Peking University during the Cultural Revolution

1966 - 1976

On May 16, 1966, the CPC Central Committee passed the “May 16th Notification,” which set in motion the “Cultural Revolution.” Under the collusion of Kang Sheng and his wife Cao Yi’ou, Nie Yuanzi from the PKU Department of Philosophy posted this “big-character poster” with a title to the effect “What on Earth Are Song Shuo, Lu Ping and Peng Peiyun Doing in the Cultural Revolution?” The poster was intended to frame and attack the CPC Committee at PKU and the CPC Beijing Municipal Committee. On June 1, the Central People’s Broadcasting Station had the poster read out word to word, per Chairman Mao Zedong’s instructions. In the evening, the working team dispatched by North China Bureau entered PKU. In the morning of June 4, the leader of the newly reshuffled CPC Beijing Municipal Committee came to the university and announced the removal of Party Secretary Lu Ping and Deputy Secretary Peng Peiyun. The leader reorganized CPC Committee at PKU and appointed the working group to take over its duties. On July 26, at the “debate” of ten thousand people held at the university, the CPC Beijing Municipal Committee announced the revocation of the working group to PKU. Jiang Qing ordered Nie Yuanzi to organize a Cultural Revolution Committee of PKU. On September 11, the committee (referred to as the “University Cultural Revolution”) was established and Nie became its director. After its establishment, various rebel groups emerged in PKU, gradually evolving into two major factions in serious confrontation. The increasingly fierce factional skirmish deteriorated into large-scale physical conflicts. The campus was in a chaos, taking its toll on the university properties. On September 18, 1968, a Mao Zedong Thought Propaganda Team consisting of 492 members from the PLA and workers in Beijing marched into PKU. Both the university and its departments were placed under its leadership. On September 27, 1969, the Revolutionary Committee of PKU was established with Yang Dezhong as the director. In May 1971, PKU convened its sixth CPC Congress, and Yang was appointed the secretary of CPC Committee at PKU. In February 1972, the CPC Beijing Municipal Committee announced the appointment of Wang Lianlong as the secretary of CPC Committee at PKU and director of the University Cultural Revolution Committee.

PKU was one of the hardest hit targets in the ten years of the “Cultural Revolution.” It was imposed various unwarranted charges such as a “stubborn anti-Party, anti-socialist bastion.” Many of the university’s officials and teachers were labeled as “gangsters,” “capitalist,” and “reactionary academic authority” and cruelly persecuted. During the period, more than 400 households had their properties confiscated, over 1,000 false cases heard, and more than 60 famous scholars including Rao Yutai, Jian Bozan and Yu Dayin died prematurely. In “cleaning up the class ranks” in 1968, most of the PKU faculty were rounded up and forced to eat and live together, with their freedom of movement deprived. In 1969, thousands of teachers were sent to Liyuzhou Farm in the schistosomiasis endemic area in Jiangxi Province for reform through labor and re-education. In the “Cultural Revolution,” the “Gang of Four” trumpeted that “education is useless.” PKU was forced to suspend classes and students admission for four years, incurring irreparable and massive losses in talent training.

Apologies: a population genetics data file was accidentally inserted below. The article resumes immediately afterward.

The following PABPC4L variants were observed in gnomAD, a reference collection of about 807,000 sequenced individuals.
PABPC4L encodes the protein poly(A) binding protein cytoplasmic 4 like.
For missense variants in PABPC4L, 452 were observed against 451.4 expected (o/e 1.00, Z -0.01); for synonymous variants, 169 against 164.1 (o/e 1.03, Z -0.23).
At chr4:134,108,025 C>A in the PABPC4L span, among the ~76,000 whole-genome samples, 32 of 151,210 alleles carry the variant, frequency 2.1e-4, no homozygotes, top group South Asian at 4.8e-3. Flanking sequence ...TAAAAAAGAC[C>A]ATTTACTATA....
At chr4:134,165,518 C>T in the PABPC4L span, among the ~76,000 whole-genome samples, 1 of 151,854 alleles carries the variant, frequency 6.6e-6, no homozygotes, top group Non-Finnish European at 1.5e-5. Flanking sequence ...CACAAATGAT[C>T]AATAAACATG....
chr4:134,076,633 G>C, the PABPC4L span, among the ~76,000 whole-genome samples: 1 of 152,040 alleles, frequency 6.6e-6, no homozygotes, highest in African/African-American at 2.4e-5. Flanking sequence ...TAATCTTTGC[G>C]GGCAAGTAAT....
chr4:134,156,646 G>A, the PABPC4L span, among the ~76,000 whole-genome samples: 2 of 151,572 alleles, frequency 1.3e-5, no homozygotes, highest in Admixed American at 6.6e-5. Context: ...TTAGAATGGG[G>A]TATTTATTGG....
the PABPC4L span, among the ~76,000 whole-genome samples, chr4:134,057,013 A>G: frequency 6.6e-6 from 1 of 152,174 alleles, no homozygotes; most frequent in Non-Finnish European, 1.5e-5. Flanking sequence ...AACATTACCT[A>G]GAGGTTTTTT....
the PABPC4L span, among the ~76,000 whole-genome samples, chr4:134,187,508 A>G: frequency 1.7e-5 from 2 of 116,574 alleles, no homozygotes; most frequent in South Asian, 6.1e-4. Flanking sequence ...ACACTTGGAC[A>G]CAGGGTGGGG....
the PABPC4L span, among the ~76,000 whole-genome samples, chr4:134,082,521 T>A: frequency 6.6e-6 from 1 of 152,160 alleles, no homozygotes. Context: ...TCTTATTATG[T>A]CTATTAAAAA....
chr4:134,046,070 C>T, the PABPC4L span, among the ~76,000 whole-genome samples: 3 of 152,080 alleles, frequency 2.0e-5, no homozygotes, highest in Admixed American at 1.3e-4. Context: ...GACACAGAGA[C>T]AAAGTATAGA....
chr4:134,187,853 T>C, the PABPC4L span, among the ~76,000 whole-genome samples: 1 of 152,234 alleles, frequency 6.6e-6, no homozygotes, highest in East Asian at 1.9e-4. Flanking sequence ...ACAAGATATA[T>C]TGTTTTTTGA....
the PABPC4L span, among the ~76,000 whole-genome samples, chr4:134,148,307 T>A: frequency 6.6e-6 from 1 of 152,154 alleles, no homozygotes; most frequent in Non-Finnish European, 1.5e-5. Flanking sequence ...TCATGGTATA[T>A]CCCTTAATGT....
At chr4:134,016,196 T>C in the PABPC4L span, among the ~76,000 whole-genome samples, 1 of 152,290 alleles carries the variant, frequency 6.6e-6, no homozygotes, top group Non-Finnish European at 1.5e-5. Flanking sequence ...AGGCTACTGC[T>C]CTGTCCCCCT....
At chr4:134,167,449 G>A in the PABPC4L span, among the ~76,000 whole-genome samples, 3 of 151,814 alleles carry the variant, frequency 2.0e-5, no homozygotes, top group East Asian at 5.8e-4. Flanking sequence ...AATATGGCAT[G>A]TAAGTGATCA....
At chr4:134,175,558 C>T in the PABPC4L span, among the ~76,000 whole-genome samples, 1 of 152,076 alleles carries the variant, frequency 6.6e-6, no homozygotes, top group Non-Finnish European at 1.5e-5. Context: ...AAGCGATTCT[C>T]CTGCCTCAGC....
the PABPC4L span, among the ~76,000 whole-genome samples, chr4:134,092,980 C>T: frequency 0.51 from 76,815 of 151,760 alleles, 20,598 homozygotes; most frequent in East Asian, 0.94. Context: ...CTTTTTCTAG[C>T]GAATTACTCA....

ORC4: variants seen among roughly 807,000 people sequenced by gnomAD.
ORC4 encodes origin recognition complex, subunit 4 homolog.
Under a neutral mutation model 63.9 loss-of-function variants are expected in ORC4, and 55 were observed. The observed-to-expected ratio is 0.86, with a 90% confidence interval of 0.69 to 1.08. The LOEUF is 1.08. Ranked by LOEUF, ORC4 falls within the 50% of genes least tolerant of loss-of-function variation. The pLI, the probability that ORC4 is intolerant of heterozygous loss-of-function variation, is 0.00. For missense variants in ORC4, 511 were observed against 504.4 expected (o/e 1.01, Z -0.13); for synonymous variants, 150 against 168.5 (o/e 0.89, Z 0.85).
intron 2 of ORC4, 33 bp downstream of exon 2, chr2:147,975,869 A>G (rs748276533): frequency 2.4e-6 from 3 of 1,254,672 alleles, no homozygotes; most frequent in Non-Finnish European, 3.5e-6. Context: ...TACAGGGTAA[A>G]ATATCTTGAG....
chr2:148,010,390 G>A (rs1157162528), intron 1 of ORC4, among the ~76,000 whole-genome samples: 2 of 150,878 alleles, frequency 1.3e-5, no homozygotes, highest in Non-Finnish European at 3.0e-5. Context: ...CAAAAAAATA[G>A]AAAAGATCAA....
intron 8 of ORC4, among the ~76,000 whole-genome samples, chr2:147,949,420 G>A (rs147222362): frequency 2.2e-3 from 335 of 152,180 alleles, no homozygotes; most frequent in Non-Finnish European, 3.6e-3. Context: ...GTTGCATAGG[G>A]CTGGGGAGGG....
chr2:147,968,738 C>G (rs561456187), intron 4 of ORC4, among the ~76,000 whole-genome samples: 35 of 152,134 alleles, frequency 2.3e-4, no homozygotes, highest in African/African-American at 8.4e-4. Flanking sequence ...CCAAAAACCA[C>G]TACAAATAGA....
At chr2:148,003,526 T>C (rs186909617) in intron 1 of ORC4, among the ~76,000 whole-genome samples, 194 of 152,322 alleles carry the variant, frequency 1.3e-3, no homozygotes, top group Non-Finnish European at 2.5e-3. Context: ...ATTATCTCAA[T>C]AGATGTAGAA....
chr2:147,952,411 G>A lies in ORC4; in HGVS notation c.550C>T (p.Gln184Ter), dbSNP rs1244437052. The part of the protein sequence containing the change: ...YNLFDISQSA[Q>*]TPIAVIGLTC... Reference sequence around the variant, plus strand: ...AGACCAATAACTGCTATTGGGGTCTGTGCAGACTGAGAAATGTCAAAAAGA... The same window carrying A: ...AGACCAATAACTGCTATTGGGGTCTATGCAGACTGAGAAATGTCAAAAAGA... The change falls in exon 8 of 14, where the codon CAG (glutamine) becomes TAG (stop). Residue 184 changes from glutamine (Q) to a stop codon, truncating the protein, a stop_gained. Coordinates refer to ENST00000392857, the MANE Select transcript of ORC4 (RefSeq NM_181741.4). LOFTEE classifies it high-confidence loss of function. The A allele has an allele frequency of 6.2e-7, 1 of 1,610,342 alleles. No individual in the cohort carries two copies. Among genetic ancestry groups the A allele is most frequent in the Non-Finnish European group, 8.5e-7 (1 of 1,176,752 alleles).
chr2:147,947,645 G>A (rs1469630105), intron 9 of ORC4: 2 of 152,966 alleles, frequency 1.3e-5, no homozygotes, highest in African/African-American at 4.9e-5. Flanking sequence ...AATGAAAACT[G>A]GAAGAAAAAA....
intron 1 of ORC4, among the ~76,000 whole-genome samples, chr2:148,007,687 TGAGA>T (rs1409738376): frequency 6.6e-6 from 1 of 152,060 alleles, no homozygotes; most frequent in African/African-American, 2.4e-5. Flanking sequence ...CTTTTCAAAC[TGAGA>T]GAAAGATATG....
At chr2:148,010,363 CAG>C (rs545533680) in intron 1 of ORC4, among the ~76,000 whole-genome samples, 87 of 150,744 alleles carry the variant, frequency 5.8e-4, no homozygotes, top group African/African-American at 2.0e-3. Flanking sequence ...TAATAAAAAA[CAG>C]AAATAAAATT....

By 1970, students admitted before the “Cultural Revolution” had all graduated. On June 27 of that year, the CPC Central Committee forwarded the Report of the Enrolment (Pilot) Requests for Beijing University and Tsinghua University. It was stipulated in the report that the entrance examination system for institutes of higher education should be abolished and “the method combining recommendation by the people, leadership approval, and school review shall be implemented.” Also, universities were supposed to enroll students from the workers, peasants, the PLA. From 1970 to 1976, PKU (then known as Beijing University) admitted more than 12,700 trainees from workers, peasants and the army. The great difference in education background upon enrolment proved a considerable challenge for teaching. The teachers made many new attempts to adapt teaching methods and contents for their students to acquire more scientific and cultural knowledge. With the joint efforts of teachers and students, the intellectual level of workers, peasants and PLA students was greatly improved, many of whom graduated to become the backbone of national construction in the new period.